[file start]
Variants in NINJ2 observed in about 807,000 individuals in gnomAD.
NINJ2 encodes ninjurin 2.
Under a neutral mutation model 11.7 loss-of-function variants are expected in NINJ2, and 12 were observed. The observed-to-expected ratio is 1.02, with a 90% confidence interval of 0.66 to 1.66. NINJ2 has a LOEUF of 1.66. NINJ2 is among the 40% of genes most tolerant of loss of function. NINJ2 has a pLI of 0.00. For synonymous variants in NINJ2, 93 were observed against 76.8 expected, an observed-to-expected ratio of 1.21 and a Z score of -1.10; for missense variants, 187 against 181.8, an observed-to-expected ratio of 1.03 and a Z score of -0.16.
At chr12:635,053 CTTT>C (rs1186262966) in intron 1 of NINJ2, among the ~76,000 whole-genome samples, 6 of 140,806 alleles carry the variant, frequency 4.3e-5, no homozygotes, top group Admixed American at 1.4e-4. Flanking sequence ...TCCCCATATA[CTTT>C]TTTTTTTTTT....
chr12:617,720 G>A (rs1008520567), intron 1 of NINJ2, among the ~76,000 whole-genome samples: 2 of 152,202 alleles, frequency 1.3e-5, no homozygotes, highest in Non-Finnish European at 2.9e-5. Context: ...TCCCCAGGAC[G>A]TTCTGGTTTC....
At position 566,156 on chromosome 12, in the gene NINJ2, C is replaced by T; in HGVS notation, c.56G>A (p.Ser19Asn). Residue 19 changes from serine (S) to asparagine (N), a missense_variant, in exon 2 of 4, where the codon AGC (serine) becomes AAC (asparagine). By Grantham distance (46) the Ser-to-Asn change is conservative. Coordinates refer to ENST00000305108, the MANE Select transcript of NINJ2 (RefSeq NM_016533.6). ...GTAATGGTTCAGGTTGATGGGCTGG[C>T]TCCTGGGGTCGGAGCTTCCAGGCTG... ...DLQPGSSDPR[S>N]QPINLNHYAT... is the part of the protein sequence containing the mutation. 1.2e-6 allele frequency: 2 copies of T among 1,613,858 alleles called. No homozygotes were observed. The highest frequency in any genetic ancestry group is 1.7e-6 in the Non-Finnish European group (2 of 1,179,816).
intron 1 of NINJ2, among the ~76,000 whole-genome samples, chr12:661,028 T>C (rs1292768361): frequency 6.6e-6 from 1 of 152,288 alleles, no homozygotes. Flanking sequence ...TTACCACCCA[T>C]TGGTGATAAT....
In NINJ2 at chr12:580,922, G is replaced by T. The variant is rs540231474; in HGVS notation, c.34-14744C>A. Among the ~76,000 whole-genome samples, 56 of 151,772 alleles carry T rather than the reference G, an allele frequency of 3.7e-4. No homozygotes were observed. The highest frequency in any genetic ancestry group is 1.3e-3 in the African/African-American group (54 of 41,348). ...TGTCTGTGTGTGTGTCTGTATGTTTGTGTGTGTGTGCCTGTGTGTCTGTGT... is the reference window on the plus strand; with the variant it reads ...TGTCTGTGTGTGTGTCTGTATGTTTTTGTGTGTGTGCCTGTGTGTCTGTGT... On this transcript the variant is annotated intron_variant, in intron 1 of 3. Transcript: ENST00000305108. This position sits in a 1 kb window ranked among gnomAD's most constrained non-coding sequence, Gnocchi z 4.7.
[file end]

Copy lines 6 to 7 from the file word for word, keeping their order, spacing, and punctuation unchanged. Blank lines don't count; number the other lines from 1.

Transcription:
At position 566,156 on chromosome 12, in the gene NINJ2, C is replaced by T; in HGVS notation, c.56G>A (p.Ser19Asn). Residue 19 changes from serine (S) to asparagine (N), a missense_variant, in exon 2 of 4, where the codon AGC (serine) becomes AAC (asparagine). By Grantham distance (46) the Ser-to-Asn change is conservative. Coordinates refer to ENST00000305108, the MANE Select transcript of NINJ2 (RefSeq NM_016533.6). ...GTAATGGTTCAGGTTGATGGGCTGG[C>T]TCCTGGGGTCGGAGCTTCCAGGCTG... ...DLQPGSSDPR[S>N]QPINLNHYAT... is the part of the protein sequence containing the mutation. 1.2e-6 allele frequency: 2 copies of T among 1,613,858 alleles called. No homozygotes were observed. The highest frequency in any genetic ancestry group is 1.7e-6 in the Non-Finnish European group (2 of 1,179,816).
intron 1 of NINJ2, among the ~76,000 whole-genome samples, chr12:661,028 T>C (rs1292768361): frequency 6.6e-6 from 1 of 152,288 alleles, no homozygotes. Flanking sequence ...TTACCACCCA[T>C]TGGTGATAAT....